Hello People of the Fog,
Today we’re taking you behind the scenes of an essential part of our game development: Quality Assurance Testing. We all understand “quality assurance” as a concept, but we wanted to know exactly what it means to a testing professional. Our QA lead Bradley gave us the full picture of how his team squashes Dead by Daylight Mobile’s bugs.
What information do you look for first when receiving player reports?
Our Live QA team usually keeps an eye on the community reporting. The first thing they look for is whether there is only a single report or multiple reports. Sometimes, it might just be one person having issues on their side, so they check that first.
If there are multiple reports, the investigation goes deeper. We start asking questions like: “What device are they using?” “Is it occurring only on a specific device?” “Can we get more information on how they were able to reproduce it?”
They also get Player IDs if needed; this enables the development team to investigate deeper into the backend.
We take every player report seriously. You can really see the Dev and live QA team jump into action when reports come in.
Unfortunately, we do not have every device on site that people are using in the wild and sometimes there are specific devices that have specific issues. The programmers check if they can figure out what is causing the issue, and in most cases, we try to get our hands on the problematic devices to investigate further.
What are the biggest challenges of Mobile QA?
Time. As DbDMobile grows, new things are constantly being added. Having to fit everything into a relatively tight schedule can be hard. In QA, we would keep testing the build even longer if we could, because we want everything to be perfect. But time doesn’t always allow for that.
There are many outside sources that can affect the build. Not only do we have to worry about having a working build but, sometimes, there are problems on the server side or backend issues. There are many systems working together; they all need to work in harmony for the build to function properly.
Another challenge is testing everything on both platforms. This is important to do because a feature can be working on iOS and not working on Android, so we really need to validate everything twice.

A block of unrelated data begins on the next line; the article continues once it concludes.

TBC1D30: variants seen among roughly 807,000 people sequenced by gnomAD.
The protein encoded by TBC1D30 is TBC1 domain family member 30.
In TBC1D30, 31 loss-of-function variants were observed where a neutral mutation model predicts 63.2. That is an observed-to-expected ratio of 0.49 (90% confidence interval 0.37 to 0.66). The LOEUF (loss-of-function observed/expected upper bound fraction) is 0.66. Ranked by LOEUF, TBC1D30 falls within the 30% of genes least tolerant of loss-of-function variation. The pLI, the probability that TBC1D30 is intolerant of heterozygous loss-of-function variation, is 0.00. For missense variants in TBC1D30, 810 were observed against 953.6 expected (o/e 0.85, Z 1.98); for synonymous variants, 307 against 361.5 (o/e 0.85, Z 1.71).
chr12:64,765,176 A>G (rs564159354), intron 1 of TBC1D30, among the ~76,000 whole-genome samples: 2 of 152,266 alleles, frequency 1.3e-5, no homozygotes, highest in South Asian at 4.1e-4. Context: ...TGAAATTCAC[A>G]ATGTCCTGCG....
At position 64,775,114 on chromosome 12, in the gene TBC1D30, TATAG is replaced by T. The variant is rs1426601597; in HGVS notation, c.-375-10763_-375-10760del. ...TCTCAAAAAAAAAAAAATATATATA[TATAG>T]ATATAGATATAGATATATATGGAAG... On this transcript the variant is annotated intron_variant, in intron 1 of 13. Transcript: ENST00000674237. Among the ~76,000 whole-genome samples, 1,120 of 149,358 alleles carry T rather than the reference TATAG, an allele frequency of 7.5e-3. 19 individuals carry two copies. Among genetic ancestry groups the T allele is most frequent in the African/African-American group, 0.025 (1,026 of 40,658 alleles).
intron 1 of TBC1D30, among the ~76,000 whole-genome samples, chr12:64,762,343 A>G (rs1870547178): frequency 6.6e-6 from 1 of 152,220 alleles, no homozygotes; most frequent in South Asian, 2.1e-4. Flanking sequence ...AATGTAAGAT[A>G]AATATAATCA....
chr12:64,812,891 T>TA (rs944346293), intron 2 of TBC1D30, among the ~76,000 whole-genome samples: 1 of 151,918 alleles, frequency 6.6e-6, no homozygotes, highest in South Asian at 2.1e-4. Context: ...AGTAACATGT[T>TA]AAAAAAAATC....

What are the additional challenges of QA on a live game?
There is a little more stress when you are working on a live game. You want to make certain that when you push an update you aren’t releasing something that is going to break millions of accounts, or block fans from playing.
The benefit in all of this is having a community that gives us feedback when the build goes live. We really count on the community to help us and they do. Players experiencing major issues are always sending us information and this is super valuable. So, a big shout out to them for their help!
What led you to become a QA tester? Was it something you were always interested in?
I personally wanted to be a part of game development and QA is a great place to get an overview of the complete process. I’ve been in this position here at Behaviour for almost 20 years, so it really has kept my interest!
Most of the QA I know are gamers. If you have a passion for games, you want to be a part of a team that helps create them. I think that’s how it starts for many of us.
Of course, we get the common stereotype of people saying, “Aww you are so lucky, you get to play games all day,” or “That isn’t a real job.” QA is an important part of the process, and from my view, is one of the most important domains in game development. You can program and add anything you want to a game and it will be cool, but if it doesn’t work, then it’s definitely not going to work with players or reviewers.
I like to look at QA testers as if they were editors for a newspaper. You have the journalist writing up the stories, you have the artists planning out the layout and providing the pictures, and then you have QA, the editors, checking in to make sure that everything is correct.
What is something you wish players knew about the quality assurance process?
That we’re on their side; we want the game to be as bug free and amazing as they do.
There are a lot of processes that we need to go through to achieve this. I don’t think many people know exactly what goes on behind the scenes unless you work in the industry.
We work hard to make sure everything is working, but things will inevitably slip by. We will get to all the issues in time.
What’s the funniest bug you’ve seen in your experience as a QA tester?
There has been a lot of crazy stuff on DBD, in general.
The funniest bug I’ve seen recently on a project was, upon loading the game, the main character was, like, 200 times larger than normal. It was hilarious. For Mobile we’ve had our fair share of funny issues too, like an invisible killer.
It’s fun because you never know what can happen during development.
QA is a major step in creating any successful game. We hope this interview gives you a better sense of how our QA team approaches their work. Let us know if there are any other development departments you’d like to learn about!
The Dead by Daylight Mobile Team